Format

Send to

Choose Destination
See comment in PubMed Commons below
Pediatr Infect Dis J. 1998 Sep;17(9 Suppl):S198-203.

A nationwide prospective surveillance study in Israel to document pediatric invasive infections, with an emphasis on Haemophilus influenzae type b infections. Israeli Pediatric Bacteremia and Meningitis Group.

Author information

1
Pediatric Infectious Disease Unit, Soroka University Medical Center, and Ben-Gurion University of the Negev, Beer-Sheva, Israel.

Abstract

BACKGROUND AND METHODS:

An ongoing nationwide prospective surveillance study was initiated in Israel in October, 1988, to document childhood invasive infections caused by Haemophilus influenzae type b (Hib), Streptococcus pneumoniae and Neisseria meningitidis. This study enabled us to document the effect on childhood invasive Hib disease of the introduction of conjugate Hib vaccines to Israel.

RESULTS:

The incidence of invasive Hib disease before the age of 5 years dropped from 34 per 100000 before initiation of immunization to < 5 per 100000 in 1995 and is projected to be <4 in 1996. After <2 years, when various conjugate vaccines had been available in the private sector alone and had achieved partial coverage only, the Israeli Ministry of Health decided to add Hib conjugate vaccine to the regular infant immunization program, free of charge, effective for all infants born after January 1, 1994. The vaccine chosen was Hib polysaccharide linked to outer membrane protein complex of N. meningitidis B. Vaccine coverage has exceeded 90% of all infants born since January 1, 1994. Efficacy and effectiveness during the first 34 months of the program (January 1, 1994, to October 31, 1996) were 95.4 and 99.7%, respectively, for all invasive Hib disease and 97 and 99.4%, respectively, for Hib meningitis.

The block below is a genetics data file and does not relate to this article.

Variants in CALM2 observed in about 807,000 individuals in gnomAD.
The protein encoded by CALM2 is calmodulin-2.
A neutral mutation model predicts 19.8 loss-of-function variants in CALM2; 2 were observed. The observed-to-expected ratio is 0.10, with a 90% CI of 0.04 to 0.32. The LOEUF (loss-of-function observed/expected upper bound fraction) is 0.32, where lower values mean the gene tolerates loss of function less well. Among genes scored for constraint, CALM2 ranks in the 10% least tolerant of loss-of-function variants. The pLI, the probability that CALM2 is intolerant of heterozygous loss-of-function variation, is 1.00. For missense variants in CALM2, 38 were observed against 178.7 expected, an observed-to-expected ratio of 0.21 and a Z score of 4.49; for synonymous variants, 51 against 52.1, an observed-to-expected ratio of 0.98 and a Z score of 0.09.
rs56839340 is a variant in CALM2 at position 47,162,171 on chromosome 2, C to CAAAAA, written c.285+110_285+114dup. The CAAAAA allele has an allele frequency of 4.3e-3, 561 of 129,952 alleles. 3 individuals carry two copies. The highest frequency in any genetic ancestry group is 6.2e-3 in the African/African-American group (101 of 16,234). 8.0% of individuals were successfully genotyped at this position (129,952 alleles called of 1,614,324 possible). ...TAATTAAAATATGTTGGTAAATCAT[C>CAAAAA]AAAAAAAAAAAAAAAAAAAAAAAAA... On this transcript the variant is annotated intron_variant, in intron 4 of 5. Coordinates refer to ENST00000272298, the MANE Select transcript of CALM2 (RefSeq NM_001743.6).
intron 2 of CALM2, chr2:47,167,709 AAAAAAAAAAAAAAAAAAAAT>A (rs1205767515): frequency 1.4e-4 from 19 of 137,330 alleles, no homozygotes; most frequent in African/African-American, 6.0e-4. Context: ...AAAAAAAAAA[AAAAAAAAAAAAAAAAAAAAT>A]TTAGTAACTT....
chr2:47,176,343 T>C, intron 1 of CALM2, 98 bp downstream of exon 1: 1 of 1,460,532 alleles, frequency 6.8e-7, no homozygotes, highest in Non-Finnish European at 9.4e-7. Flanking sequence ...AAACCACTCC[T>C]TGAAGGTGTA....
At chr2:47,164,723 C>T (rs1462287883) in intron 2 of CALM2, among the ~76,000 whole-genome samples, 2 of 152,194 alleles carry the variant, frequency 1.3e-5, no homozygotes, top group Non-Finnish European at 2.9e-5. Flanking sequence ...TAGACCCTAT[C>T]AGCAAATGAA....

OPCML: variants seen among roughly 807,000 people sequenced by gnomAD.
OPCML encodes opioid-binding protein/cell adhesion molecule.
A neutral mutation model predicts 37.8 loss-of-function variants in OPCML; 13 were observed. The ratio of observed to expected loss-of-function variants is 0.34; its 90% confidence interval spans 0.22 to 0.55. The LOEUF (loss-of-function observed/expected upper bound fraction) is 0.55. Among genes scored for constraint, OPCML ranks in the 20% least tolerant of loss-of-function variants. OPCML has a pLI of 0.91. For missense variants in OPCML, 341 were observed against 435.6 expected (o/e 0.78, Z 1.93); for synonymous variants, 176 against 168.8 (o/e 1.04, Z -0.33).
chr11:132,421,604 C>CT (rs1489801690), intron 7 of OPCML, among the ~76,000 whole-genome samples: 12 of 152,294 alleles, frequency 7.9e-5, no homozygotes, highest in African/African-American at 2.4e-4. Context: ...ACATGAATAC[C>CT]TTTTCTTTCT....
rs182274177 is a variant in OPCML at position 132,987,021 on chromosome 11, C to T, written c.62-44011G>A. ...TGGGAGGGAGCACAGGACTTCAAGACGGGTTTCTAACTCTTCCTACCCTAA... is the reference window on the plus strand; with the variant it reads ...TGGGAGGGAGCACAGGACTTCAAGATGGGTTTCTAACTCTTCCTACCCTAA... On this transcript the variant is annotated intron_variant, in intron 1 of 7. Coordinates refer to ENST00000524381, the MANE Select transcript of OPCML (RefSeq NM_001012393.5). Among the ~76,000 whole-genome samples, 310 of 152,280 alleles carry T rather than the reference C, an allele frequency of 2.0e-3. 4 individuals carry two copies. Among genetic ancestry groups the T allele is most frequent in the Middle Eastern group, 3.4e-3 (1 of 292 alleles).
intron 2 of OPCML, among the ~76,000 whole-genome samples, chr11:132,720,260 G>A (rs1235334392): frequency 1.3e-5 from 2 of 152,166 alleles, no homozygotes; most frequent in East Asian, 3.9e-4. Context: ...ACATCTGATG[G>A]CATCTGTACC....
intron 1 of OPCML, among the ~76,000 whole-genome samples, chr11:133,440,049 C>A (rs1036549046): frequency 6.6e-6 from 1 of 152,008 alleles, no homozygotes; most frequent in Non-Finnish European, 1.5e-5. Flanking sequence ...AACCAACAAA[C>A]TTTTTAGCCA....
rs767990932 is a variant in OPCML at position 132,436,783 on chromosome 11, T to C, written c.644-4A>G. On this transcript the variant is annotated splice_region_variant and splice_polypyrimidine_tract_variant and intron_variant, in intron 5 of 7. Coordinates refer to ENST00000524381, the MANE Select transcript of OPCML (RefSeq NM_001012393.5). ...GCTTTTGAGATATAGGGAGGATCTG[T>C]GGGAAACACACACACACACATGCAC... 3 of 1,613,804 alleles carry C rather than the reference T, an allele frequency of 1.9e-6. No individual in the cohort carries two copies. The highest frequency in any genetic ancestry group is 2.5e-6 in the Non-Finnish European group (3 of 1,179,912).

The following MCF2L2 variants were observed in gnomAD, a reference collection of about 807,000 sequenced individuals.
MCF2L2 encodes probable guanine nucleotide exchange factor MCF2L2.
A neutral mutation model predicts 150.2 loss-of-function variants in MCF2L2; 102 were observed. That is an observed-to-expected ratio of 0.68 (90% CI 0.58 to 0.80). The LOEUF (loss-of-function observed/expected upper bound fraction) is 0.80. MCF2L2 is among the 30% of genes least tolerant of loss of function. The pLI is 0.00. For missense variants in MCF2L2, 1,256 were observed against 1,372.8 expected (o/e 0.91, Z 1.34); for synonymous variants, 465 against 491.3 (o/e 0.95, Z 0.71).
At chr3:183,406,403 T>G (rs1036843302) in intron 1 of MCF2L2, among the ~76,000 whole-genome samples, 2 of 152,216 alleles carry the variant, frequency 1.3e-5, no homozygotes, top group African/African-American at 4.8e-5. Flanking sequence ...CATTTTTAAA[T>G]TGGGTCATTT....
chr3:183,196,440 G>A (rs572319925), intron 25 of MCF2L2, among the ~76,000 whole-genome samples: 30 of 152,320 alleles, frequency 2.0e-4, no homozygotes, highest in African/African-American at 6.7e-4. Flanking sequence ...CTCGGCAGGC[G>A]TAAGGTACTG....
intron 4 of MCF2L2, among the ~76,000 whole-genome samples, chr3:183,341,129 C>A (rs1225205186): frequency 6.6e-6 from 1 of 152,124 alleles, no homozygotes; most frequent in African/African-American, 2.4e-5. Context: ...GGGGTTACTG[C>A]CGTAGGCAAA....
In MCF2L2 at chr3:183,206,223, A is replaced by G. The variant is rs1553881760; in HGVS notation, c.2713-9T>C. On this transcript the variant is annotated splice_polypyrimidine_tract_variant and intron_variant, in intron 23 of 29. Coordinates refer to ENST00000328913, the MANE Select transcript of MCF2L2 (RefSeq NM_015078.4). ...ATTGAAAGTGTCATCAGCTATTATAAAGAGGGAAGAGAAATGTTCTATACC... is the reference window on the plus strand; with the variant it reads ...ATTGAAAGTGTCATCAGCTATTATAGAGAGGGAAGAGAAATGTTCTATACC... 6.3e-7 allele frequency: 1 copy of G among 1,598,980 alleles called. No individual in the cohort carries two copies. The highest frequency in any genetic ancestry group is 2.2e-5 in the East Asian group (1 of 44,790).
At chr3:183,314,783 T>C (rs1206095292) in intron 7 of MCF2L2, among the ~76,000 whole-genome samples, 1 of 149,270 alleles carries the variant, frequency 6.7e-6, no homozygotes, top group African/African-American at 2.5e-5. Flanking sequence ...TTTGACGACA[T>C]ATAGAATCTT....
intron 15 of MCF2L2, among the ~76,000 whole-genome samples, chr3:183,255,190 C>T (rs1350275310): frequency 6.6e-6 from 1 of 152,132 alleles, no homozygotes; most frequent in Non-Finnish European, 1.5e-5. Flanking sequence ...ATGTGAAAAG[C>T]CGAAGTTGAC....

CONCLUSION:

The described ongoing surveillance program showed the existence and extent of Hib problems in Israel and documented the success of the immunization program in essentially eliminating the disease in Israel.

PMID:
9781763
[Indexed for MEDLINE]
PubMed Commons home

PubMed Commons

0 comments
How to join PubMed Commons

    Supplemental Content

    Full text links

    Icon for Lippincott Williams & Wilkins
    Loading ...
    Support Center